Sunday, August 3, 2014

Continuing my series on poetry:

A limerick is a form of poetry, especially one in five-line anapestic meter with a strict rhyme scheme (AABBA), which is sometimes obscene with humorous intent. The first, second and fifth lines are usually longer than the third and fourth. The form can be found in England as of the early years of the 18th century. It was popularized by Edward Lear in the 19th century, although he did not use the term. The preceding definition is from Wikipedia.

Limericks are fun - 

These usually vary from

a bit off-color to obscene

(The pattern is A, A, B, B, A where

A=7-10 Syllables and B=5-7)

A Limerick so it would seem

Came to me once in a dream

It started to suck me in

A most delicious sin

As it certainly was obscene

A Limerick must have five lines

The first and second must rhyme

Third and the fourth the same

Counting syllables the game

The fifth must match the first this time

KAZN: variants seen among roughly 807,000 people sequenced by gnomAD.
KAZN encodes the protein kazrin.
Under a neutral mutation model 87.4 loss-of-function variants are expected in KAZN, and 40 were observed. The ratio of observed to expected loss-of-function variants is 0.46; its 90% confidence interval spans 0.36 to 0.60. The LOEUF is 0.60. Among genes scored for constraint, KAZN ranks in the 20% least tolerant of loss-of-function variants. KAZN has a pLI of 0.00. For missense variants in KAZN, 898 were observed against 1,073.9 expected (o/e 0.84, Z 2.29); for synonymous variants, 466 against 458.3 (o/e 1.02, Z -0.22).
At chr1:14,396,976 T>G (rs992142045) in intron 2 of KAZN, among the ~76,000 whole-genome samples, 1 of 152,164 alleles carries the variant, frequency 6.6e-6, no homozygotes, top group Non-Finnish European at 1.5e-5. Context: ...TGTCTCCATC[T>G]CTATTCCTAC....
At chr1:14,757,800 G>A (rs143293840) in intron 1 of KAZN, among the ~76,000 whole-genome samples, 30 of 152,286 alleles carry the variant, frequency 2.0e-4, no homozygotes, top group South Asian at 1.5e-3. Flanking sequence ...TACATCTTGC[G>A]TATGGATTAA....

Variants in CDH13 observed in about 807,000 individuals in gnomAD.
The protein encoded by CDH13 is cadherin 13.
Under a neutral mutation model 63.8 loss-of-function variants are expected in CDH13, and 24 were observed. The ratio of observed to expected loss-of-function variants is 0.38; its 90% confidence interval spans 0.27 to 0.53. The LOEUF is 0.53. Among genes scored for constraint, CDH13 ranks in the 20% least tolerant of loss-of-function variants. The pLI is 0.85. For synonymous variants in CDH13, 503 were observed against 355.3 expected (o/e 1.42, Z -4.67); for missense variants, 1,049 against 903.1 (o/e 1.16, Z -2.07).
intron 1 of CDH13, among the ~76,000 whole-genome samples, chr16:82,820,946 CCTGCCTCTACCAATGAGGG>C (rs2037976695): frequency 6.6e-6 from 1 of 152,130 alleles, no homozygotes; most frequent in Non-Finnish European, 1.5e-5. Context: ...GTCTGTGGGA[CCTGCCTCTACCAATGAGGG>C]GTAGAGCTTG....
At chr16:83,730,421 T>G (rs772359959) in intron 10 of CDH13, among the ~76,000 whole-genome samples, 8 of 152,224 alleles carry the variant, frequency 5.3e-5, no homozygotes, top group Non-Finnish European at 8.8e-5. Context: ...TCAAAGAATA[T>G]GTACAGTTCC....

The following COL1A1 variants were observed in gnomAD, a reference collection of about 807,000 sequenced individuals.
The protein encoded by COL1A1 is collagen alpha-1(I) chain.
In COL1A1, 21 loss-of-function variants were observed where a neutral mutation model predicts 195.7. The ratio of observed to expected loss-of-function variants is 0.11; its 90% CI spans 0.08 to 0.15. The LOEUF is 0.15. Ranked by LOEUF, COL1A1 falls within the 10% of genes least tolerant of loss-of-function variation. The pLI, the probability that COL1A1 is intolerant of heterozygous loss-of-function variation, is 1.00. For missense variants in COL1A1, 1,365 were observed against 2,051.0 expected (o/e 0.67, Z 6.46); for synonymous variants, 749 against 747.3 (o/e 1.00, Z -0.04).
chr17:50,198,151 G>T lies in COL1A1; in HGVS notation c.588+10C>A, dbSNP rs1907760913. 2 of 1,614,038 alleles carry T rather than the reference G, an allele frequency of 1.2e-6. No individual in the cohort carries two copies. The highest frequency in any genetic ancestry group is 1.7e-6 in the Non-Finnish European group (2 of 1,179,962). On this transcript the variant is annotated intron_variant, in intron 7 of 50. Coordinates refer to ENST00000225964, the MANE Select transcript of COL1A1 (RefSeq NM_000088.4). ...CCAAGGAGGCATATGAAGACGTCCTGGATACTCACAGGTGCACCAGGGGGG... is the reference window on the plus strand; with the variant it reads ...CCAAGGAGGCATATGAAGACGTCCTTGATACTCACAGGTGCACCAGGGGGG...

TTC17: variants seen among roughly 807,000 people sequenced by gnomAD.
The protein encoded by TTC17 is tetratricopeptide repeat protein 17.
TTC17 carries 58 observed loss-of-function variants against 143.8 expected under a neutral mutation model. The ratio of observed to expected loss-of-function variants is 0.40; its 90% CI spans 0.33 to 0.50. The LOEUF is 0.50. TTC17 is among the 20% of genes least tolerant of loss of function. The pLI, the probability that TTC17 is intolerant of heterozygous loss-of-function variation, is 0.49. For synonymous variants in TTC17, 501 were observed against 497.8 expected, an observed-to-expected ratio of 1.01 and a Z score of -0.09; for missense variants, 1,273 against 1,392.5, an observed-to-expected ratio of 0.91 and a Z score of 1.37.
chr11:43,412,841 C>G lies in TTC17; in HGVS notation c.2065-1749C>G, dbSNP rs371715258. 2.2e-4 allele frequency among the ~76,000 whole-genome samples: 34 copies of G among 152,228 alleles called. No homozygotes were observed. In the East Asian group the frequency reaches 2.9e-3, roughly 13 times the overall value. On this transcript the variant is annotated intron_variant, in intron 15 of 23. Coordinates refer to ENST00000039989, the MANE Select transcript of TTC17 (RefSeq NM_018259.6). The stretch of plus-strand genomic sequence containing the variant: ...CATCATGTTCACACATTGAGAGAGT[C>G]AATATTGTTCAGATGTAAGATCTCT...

Written first by a guy named Lear

Eighteen hundred was the year

He was a merry bloke

He liked a dirty joke

His Limericks brought people cheer

Most anyone can make one

Doing so can be such fun

Give it a good try

Just don’t be too shy

You will feel good when you’re done


An example of some others:


Would you like to ride on my Schooner

I’ll sing to you, I’m quite a crooner

If song is not your thing

Then try my ding-a-ling

I know you’ll come later or sooner


If you want to get in my hot sweet spot

You will have to show me what you’ve got

I won’t open up

For just any old pup

I want to make sure you are a big shot

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